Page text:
National Bioengineered Food Disclosure Standard

Ann Grace
Contributing Writer

The National Bioengineered Food Disclosure Standard was passed by the USDA Agricultural Marketing Service in late December of 2018. While the standard is not directly linked to FSMA, it will impact companies under FSMA and is applicable to foods regulated under the Food, Drug, and Cosmetic Act (FDCA). Thus, although the mandatory compliance date is not until January 1, 2022, now is the time for food and beverage enterprises to begin thinking about how they will be impacted.

Implementation & Compliance

Typically, any rule published by a federal agency comes into effect 60 days after being published, but the National Bioengineered Food Disclosure Standard is unique in that its dates are staggered. Mandatory compliance is January 1, 2022, though by the implementation date of Jan. 1, 2021, companies should begin or have already begun identifying the food products which will need disclosure.

When Is Disclosure Required for FSMA’s National Bioengineered Food Disclosure Standard?

The primary objective of disclosing bioengineered food is to maintain transparency by keeping consumers informed about the origins of their food. It will be required when foods under the FDCA are bioengineered or contain a bioengineered ingredient. Bioengineered food is defined as a food that contains detectable genetic material that has been modified through in vitro rDNA techniques, and for which the modification could not otherwise be obtained through conventional breeding in nature. The term “genetically modified organism” (GMO) is also widely used.

Meat, poultry, and egg products will only need disclosure if the predominant ingredient would be subject to the FDCA. For example, a chicken Caesar salad would need disclosure if the lettuce is bioengineered, while a chicken noodle soup would not if it contains more chicken than noodles.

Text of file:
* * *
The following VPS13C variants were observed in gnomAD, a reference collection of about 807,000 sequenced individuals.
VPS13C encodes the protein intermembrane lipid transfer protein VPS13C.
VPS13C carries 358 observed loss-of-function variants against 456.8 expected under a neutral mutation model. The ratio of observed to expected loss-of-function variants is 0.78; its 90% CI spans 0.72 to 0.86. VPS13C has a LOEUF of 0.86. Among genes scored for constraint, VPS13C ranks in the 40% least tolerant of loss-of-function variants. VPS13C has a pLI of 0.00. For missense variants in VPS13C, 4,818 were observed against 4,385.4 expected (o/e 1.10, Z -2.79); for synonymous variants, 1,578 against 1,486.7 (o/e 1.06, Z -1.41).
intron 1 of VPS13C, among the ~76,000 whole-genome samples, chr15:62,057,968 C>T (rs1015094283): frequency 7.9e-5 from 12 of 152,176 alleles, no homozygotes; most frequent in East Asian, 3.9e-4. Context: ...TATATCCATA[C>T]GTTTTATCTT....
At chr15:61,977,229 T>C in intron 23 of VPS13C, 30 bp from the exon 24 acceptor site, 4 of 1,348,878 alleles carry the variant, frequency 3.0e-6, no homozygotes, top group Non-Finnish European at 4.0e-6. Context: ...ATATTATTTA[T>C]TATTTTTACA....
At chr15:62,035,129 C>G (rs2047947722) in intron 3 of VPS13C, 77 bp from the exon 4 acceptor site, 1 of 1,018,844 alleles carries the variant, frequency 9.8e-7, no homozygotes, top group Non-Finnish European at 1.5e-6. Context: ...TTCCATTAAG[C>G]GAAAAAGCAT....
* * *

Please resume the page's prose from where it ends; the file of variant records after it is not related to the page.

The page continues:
Disclosure will consist of a symbol, and may also include an electronic or digital link or phone number through which consumers can access more information on the bioengineered products in the food.


The USDA’s definition of bioengineered food refers to the final results of the food product from breeding techniques and not the breeding techniques themselves, so as to support enforcement even as new technologies develop. The USDA will approach detectability through tactics such as analytical testing, standards of testing for laboratories, and recordkeeping requirements.

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Restaurants, similar retail establishments, and very small food manufacturers with annual receipts of less than $2.5 million will be exempt from the disclosure standard. Food with no intentionally added bioengineered products also have a technical allowance for up to 5% of each ingredient. Food that is certified under the National Organic program will also be exempt, as the program has existing bioengineered requirements in place, as will food derived from animal products which have consumed bioengineered feed.

List of Bioengineered Foods

There is a specific list of bioengineered foods throughout the world which the USDA will attempt to update regularly, which currently includes:

  • Alfalfa

  • Apples (ArcticTM varieties)

  • Canola

  • Corn

  • Cotton

  • Eggplant (BARI Bt Begun varieties)

  • Papaya (ringspot virus-resistant varieties)

  • Pineapple (pink flesh varieties)

  • Potato

  • Salmon (AquAdvantage®)

  • Soybean

  • Squash (summer)

  • Sugarbeet

Nonetheless, it will be up to each manufacturer to maintain awareness and ensure they’re not receiving any bioengineered food from suppliers without disclosing it.

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